Background: Extra-pulmonary neuroendocrine carcinomas (EP-NEC) are rare tumours that require expertise for correct and timely diagnosis, which is essential for clinical decision making. The number of patients affected, treatment given, and the proportion surviving the disease is based on limited evidence. The aim of this study is to retrospectively analyse the incidence, treatment, and relative survival (RS) of EP-NEC patients in the Netherlands. Methods: Patients diagnosed between 2008-2012 with EP-NEC or NEC with unknown primary site (UP-NEC) were selected from the Netherlands Cancer Registry based on combinations of tumour localisation and morphology code. Incidence was studied using the European standardised (ESR) and world standardised rates, and RS was calculated using the Ederer II method. Results: In total, 1,544 cases were analysed, 1,045 EP-NEC and 499 UP-NEC. For EP-NEC, the incidence was 1.0 per 100,000 person-years (ESR), the mean age was 68 years, and the male to female ratio was 1: 0.6. Most frequent EP-NEC localisations were the bladder and the gastrointestinal tract, and the treatment most frequently given was surgery in combination with chemotherapy. The overall 5-year RS was 38% for patients with local/regional disease (n = 447), and 7% for patients with extensive disease (n = 582). For UP-NEC patients (n = 499), the 5-year RS was 6%. Conclusions: This study is the first nationwide study presenting an increase in the incidence of EP-NEC patients from 196 to 260 cases annually in the Netherlands. The best 5-year RS was found for EP-NEC patients with local disease located in the bladder, where the worst 5-year RS was found for patients with disease located in the oesophagus.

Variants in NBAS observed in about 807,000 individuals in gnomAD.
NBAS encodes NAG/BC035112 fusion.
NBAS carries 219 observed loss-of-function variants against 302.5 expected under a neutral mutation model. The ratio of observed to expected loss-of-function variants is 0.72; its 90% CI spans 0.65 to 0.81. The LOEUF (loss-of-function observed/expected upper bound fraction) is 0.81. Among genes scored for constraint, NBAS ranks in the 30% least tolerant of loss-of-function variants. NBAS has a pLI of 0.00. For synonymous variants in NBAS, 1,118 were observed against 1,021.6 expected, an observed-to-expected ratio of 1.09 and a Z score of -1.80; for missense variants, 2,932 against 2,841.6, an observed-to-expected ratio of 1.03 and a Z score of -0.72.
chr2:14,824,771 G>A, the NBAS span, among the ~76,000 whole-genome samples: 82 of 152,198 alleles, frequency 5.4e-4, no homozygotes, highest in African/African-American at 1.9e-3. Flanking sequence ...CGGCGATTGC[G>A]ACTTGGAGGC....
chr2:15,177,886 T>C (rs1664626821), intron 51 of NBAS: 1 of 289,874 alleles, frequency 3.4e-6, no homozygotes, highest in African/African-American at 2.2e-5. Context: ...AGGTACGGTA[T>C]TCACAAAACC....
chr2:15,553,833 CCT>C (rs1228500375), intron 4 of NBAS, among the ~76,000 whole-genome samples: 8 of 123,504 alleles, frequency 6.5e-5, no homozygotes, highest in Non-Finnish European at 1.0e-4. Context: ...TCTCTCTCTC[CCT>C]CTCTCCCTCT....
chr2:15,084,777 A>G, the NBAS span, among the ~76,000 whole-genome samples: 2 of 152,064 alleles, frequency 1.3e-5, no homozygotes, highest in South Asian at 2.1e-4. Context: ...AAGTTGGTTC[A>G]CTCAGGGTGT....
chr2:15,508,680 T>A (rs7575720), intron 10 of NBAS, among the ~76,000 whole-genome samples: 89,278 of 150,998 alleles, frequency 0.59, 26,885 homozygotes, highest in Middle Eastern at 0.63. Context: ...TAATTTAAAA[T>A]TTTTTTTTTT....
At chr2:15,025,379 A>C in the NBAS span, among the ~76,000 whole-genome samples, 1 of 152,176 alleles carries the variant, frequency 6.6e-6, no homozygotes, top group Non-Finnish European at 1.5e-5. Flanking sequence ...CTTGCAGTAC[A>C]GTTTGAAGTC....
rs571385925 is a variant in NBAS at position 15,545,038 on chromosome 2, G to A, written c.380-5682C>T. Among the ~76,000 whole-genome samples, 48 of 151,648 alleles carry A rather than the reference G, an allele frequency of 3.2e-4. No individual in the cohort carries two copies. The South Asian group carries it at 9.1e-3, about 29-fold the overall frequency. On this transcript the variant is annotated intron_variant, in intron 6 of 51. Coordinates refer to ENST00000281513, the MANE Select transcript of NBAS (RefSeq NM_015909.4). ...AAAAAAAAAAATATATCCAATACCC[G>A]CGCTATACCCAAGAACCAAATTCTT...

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Neuroendocrinology: international journal for basic and clinical studies on neuroendocrine relationships
Department of Pathology

Van Der Zwan, J.M. (Jan Maarten), Siesling, S., Van Velthuysen, L. (Loes), Links, T., Walenkamp, A. M., & Tesselaar, M. (Margot). (2018). Extra-Pulmonary Neuroendocrine Carcinomas: A Population-Based Study in the Netherlands. Neuroendocrinology: international journal for basic and clinical studies on neuroendocrine relationships, 107(1), 50–59. doi:10.1159/000488987